Of course it’s tim­ing too … Mov­ing to Lon­don in 2005, find­ing my feet again, learn­ing to man­age my re­sponse to a com­pletely new cli­mate. To go from liv­ing in 38 de­grees with bright sun­shine to a place with four sea­sons, where you change ex­ter­nally and in­ter­nally ev­ery three months as the sea­sons change. Where you dress dif­fer­ently at dif­fer­ent times of the year and find your phys­i­cally re­act to the bloom­ing of buds in spring, and the late sum­mer evenings when the sun sets at 11 pm to walk­ing through fall­ing leaves and never see­ing the sun some days for you’ve spent most of it in­side. Pat­terns within pat­terns. And you are re­act­ing to those mi­cro pat­terns, and not re­al­is­ing why some days you are so an­gry, and some days so joy­ful and some days just so sad. Fig­ur­ing out the cues from those around you, a dif­fer­ent cul­ture where you maybe panic­ing in­side but re­ally you don’t say it aloud or lose your tem­per out in pub­lic to get your way, for then you lose the re­spect of those around you. But then you wake up one day and re­alise, you can’t re­ally live any­where else, for you love this city that is the green­est city you’ve ever lived in. You love its parks and woods and trees … oh! Those life giv­ing trees that whis­per to you as you walk by and shield you when you are pen­sive. And that you ac­tu­ally like the weather for it prompts you to look in­side and in­tro­spect and fi­nally you find your feet … un­til you lose your bal­ance.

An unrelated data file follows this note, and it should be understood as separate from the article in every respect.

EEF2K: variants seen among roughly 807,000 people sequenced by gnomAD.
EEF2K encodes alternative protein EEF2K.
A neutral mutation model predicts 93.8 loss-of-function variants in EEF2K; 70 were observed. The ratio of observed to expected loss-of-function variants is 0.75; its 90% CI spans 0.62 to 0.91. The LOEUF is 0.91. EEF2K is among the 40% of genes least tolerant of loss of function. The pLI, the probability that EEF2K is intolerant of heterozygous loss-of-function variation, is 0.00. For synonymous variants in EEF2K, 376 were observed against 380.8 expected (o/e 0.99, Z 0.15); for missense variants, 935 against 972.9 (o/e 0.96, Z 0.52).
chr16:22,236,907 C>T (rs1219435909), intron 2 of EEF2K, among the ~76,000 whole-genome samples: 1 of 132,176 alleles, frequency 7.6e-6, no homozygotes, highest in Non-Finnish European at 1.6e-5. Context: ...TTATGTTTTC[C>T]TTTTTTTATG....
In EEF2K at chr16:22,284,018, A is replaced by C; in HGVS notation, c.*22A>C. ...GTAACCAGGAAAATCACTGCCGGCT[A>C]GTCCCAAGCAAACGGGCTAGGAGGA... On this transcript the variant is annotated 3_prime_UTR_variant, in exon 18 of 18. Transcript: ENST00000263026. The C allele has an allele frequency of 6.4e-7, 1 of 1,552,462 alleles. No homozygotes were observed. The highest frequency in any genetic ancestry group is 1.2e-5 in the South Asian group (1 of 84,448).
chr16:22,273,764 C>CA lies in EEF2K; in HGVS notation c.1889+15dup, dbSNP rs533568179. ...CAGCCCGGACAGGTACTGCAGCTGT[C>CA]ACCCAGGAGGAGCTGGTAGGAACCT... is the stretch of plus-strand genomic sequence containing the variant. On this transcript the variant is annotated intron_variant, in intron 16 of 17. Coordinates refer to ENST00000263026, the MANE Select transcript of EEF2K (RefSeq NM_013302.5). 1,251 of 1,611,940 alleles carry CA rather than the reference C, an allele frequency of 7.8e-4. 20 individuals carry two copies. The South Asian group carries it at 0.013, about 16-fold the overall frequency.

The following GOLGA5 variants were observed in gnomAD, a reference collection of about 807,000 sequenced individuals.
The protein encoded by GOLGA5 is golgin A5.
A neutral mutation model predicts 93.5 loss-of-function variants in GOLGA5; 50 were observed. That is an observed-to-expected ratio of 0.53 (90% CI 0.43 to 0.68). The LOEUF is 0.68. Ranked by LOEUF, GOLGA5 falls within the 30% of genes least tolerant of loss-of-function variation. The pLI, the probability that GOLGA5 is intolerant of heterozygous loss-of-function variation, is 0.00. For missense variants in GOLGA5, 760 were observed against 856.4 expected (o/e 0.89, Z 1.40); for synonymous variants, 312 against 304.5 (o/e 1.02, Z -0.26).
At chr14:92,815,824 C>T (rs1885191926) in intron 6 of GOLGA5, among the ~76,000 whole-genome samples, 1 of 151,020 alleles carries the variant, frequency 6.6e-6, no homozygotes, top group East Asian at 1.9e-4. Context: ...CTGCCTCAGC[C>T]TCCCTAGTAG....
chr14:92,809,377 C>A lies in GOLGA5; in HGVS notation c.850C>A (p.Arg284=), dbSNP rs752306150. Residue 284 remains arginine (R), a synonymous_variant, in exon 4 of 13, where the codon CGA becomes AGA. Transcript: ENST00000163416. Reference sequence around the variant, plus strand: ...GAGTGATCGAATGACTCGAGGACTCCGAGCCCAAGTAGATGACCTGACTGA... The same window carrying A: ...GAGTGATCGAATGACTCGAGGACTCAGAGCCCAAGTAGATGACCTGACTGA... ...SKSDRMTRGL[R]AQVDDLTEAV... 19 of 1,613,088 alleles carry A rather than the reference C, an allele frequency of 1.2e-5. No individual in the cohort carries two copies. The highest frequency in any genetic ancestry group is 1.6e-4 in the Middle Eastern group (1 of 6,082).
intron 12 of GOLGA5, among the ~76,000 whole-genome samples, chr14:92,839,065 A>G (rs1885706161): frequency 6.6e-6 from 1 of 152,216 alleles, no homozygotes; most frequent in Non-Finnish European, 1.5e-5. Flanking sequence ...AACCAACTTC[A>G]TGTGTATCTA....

Which is what hap­pened in 2011. A mis­car­riage, a near death ex­pe­ri­ence and the bewil­der­ment of re­al­is­ing life does not go as planned. That those things which only hap­pen to some­one else can also hap­pen to you. They

do hap­pen to you. And you sur­face from the mor­phine in­duced haze and ask your­self. If I were to die to­mor­row what would I re­gret the most? And then it’s so clear. You know what you have to do. You have to write. You have to feel a more au­then­tic life. And that’s when it re­ally be­gins.